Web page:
The controller 108 includes a fabric interface (I/F) 120 for communicating with the clients 102 via the fabric 106, and a drive I/F 122 for communicating with the drives 112. The I/F circuits 120, 122 and a path controller 124 form a pass-through communication path for commands and data between the drives 112 and the client(s) 102, such as by employing the cache memory 116. Again, although illustrated discretely, it will be understood that each path controller 124 and the corresponding I/F circuits 120, 122 can be unitarily constructed.

FIG. 3 diagrammatically depicts the storage array 104 constructed as a tape library in accordance with illustrative embodiments of the present invention. External communications for the transfers of user data corresponding to the I/O commands are performed via the fabric interface 120 coupled to a communications link 135. The number and arrangement of the various components depicted in FIG. 3 are merely illustrative and in no way limiting of the claimed invention. The tape library has a plurality of tape cartridges 136 grouped in magazines 138. Each of the tape cartridges 136 is identifiable, such as by radio frequency identification (RFID) tags or semiconductor memory devices and the like, for selectively loading a desired one of the tape cartridges 136 into one of the plurality of tape drives 112. These illustrative embodiments depict the usage of a semiconductor memory in the form of a medium auxiliary memory (“MAM”) device for this purpose. Again, these described embodiments in which the data storage device is a tape cartridge 136 selectively mounted in a tape drive 112 are merely illustrative and not limiting of the claimed embodiments. For example, without limitation, in equivalent alternative embodiments the drives 112 can be configured to transfer data with other types of removable data storage devices, and in other equivalent alternative embodiments the drives 112 can contain nonremovable data storage devices such as hard disc drives and solid state drives and the like.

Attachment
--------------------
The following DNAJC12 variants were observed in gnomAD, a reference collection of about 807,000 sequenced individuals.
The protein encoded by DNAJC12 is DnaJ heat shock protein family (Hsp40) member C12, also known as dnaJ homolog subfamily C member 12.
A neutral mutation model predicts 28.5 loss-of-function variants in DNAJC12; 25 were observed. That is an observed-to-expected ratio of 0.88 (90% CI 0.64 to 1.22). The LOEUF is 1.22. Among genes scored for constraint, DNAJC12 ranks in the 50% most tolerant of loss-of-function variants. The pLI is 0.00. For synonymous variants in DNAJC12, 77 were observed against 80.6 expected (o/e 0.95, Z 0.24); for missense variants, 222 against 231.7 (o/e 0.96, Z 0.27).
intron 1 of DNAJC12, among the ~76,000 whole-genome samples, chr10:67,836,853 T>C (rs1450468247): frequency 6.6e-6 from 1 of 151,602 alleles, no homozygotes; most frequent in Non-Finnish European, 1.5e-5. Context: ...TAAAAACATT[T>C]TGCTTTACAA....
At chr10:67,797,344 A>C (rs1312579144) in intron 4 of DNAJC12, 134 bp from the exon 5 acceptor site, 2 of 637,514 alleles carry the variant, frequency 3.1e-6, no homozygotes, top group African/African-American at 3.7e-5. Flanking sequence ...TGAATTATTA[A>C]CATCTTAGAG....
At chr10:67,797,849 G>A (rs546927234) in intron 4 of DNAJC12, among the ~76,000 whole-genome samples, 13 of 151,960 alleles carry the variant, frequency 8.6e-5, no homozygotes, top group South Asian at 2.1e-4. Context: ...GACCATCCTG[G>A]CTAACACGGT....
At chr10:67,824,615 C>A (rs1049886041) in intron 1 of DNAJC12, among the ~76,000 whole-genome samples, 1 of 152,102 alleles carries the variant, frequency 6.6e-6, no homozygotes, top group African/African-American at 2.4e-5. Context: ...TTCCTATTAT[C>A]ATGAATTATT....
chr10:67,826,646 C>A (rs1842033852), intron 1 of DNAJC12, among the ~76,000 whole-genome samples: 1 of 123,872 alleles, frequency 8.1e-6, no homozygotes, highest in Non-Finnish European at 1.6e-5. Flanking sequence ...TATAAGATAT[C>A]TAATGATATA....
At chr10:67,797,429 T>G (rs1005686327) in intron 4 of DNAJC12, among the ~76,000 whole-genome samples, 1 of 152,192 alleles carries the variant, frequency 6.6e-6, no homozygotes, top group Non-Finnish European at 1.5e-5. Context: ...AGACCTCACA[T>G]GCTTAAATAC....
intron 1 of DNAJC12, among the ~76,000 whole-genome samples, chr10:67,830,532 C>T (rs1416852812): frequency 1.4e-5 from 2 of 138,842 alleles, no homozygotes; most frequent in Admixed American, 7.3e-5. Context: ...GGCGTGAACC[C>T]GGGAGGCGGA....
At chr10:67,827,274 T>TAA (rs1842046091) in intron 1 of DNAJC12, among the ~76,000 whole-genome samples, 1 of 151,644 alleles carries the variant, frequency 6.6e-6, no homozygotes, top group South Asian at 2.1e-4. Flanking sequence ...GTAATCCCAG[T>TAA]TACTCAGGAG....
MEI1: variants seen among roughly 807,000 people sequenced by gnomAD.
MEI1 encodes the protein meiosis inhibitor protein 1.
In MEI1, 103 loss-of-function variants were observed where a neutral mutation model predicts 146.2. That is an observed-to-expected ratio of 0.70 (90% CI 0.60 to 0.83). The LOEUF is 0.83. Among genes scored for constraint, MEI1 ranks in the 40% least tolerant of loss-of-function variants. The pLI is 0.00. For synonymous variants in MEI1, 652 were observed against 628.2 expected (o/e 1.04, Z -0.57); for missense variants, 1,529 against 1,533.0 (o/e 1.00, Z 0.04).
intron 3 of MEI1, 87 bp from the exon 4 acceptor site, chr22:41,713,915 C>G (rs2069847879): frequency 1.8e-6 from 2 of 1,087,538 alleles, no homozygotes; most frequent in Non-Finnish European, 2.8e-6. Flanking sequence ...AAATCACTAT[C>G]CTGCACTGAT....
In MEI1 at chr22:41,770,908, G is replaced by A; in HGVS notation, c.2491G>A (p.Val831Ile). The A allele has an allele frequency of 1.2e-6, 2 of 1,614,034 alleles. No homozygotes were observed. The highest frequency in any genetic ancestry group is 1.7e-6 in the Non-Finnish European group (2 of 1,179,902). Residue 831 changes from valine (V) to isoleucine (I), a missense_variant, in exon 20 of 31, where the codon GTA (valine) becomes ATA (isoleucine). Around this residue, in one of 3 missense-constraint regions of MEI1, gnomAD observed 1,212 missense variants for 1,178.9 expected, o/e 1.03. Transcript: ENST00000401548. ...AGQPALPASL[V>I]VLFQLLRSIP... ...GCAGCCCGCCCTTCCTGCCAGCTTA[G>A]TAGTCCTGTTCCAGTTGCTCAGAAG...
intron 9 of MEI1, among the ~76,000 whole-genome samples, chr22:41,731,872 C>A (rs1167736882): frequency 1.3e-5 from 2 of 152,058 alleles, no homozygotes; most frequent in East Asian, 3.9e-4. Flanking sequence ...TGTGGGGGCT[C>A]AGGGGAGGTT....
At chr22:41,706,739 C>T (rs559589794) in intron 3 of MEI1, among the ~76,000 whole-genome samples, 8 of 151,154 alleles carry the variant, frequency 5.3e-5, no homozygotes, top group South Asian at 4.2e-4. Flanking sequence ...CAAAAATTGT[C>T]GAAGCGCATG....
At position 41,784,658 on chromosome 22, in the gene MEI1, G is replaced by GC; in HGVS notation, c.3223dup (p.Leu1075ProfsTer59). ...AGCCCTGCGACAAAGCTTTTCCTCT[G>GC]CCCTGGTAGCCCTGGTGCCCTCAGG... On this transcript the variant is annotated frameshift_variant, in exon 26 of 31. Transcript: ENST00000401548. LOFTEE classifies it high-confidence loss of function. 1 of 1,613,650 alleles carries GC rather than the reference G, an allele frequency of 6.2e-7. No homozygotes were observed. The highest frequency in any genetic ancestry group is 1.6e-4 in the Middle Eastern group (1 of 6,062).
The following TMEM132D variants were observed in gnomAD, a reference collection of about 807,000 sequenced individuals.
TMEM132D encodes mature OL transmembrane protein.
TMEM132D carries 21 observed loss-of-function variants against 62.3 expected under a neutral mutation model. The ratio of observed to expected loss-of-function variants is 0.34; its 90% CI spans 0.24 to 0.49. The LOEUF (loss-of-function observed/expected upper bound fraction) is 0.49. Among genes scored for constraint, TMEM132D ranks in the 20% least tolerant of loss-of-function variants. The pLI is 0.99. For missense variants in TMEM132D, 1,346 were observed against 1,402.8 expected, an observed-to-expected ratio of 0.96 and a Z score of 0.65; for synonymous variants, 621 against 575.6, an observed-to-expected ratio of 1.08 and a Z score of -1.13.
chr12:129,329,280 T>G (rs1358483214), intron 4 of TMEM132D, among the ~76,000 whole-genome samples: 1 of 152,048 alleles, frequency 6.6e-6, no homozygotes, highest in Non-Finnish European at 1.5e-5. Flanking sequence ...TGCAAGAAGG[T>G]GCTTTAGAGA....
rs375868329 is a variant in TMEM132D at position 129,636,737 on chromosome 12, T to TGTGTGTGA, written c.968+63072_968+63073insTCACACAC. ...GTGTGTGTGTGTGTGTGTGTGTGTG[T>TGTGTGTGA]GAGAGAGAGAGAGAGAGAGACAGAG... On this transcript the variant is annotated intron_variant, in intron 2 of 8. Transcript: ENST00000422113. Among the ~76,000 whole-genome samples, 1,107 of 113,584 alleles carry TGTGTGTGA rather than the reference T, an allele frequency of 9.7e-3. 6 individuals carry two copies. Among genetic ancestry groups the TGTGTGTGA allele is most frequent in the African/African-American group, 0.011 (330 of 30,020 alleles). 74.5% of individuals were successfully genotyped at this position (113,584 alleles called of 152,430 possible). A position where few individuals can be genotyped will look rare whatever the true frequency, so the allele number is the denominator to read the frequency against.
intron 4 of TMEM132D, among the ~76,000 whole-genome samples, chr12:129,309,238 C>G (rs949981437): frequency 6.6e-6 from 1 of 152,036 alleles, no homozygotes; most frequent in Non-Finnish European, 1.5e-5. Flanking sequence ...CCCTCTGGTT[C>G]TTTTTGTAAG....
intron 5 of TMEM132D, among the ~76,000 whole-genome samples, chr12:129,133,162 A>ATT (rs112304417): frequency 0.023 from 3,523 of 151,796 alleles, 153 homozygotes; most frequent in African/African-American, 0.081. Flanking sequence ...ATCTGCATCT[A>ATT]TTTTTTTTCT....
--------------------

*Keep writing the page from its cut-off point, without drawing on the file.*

In these illustrative embodiments, each of the tape cartridges 136 is selectively mounted into one of the tape drives 112 to cooperatively form an operable data transfer relationship to store data to and/or retrieve data from the tape cartridge 136. Each tape drive 112 can have a MAM device reader/writer 140 to store data to and/or retrieve data from the MAM device. In these illustrative embodiments the tape drive 112 establishes wireless communications 142 with the MAM device, such as by radio frequency communication, although neither the disclosed embodiments nor the claimed embodiments are so limited to those illustrative embodiments. The MAM device data can advantageously include access occurrence data, such as timestamp data indicating when the tape cartridge 136 is mounted to a tape drive 112, load count data indicating how long a tape cartridge 136 is mounted to the tape drive 112, validity data indicating any data and/or portions of the storage medium in a tape cartridge 136 of questionable integrity, and the like. Besides, or in addition to, storing data on the MAM devices, a system control 144 can include memory (“MEM”) to accommodate information, such as the access occurrence data, load data, validity data, and the like, from each of a plurality of MAM devices associated with respective tape cartridges 136. Computational routines on the data stored in the MAM devices and in the system control memory can be under the top-level control of a central processing unit (“CPU”). A graphical user interface (“GUI”) 147 provides helpful tabular and graphical information to a user of the tape library for providing inputs thereto and receiving useful outputs therefrom.